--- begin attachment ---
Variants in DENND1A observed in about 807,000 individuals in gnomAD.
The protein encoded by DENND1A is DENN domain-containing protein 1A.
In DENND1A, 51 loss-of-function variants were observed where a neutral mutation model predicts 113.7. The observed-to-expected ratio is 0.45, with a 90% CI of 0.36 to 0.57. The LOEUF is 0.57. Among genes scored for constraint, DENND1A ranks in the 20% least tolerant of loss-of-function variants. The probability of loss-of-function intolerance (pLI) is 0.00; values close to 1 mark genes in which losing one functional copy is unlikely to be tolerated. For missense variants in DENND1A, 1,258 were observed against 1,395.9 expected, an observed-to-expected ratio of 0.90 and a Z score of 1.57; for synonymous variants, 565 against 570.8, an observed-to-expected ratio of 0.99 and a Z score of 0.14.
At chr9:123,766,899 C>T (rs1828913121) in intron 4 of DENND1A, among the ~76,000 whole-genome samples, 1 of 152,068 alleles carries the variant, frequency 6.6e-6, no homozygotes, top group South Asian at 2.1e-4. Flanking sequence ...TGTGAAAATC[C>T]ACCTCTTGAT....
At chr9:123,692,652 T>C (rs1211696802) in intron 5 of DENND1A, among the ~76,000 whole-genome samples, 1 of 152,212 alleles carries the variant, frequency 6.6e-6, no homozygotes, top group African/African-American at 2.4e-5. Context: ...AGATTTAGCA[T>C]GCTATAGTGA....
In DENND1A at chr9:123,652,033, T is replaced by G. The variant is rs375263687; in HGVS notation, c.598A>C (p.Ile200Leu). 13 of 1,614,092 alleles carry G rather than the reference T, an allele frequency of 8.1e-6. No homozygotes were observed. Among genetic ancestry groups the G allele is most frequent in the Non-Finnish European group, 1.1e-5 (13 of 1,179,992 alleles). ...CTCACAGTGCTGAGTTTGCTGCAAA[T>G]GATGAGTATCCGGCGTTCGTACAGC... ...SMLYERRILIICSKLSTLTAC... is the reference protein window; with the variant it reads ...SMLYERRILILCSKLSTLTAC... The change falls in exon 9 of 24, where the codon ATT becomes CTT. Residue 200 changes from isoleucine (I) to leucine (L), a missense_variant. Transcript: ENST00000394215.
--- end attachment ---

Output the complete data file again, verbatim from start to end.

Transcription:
Variants in DENND1A observed in about 807,000 individuals in gnomAD.
The protein encoded by DENND1A is DENN domain-containing protein 1A.
In DENND1A, 51 loss-of-function variants were observed where a neutral mutation model predicts 113.7. The observed-to-expected ratio is 0.45, with a 90% CI of 0.36 to 0.57. The LOEUF is 0.57. Among genes scored for constraint, DENND1A ranks in the 20% least tolerant of loss-of-function variants. The probability of loss-of-function intolerance (pLI) is 0.00; values close to 1 mark genes in which losing one functional copy is unlikely to be tolerated. For missense variants in DENND1A, 1,258 were observed against 1,395.9 expected, an observed-to-expected ratio of 0.90 and a Z score of 1.57; for synonymous variants, 565 against 570.8, an observed-to-expected ratio of 0.99 and a Z score of 0.14.
At chr9:123,766,899 C>T (rs1828913121) in intron 4 of DENND1A, among the ~76,000 whole-genome samples, 1 of 152,068 alleles carries the variant, frequency 6.6e-6, no homozygotes, top group South Asian at 2.1e-4. Flanking sequence ...TGTGAAAATC[C>T]ACCTCTTGAT....
At chr9:123,692,652 T>C (rs1211696802) in intron 5 of DENND1A, among the ~76,000 whole-genome samples, 1 of 152,212 alleles carries the variant, frequency 6.6e-6, no homozygotes, top group African/African-American at 2.4e-5. Context: ...AGATTTAGCA[T>C]GCTATAGTGA....
In DENND1A at chr9:123,652,033, T is replaced by G. The variant is rs375263687; in HGVS notation, c.598A>C (p.Ile200Leu). 13 of 1,614,092 alleles carry G rather than the reference T, an allele frequency of 8.1e-6. No homozygotes were observed. Among genetic ancestry groups the G allele is most frequent in the Non-Finnish European group, 1.1e-5 (13 of 1,179,992 alleles). ...CTCACAGTGCTGAGTTTGCTGCAAA[T>G]GATGAGTATCCGGCGTTCGTACAGC... ...SMLYERRILIICSKLSTLTAC... is the reference protein window; with the variant it reads ...SMLYERRILILCSKLSTLTAC... The change falls in exon 9 of 24, where the codon ATT becomes CTT. Residue 200 changes from isoleucine (I) to leucine (L), a missense_variant. Transcript: ENST00000394215.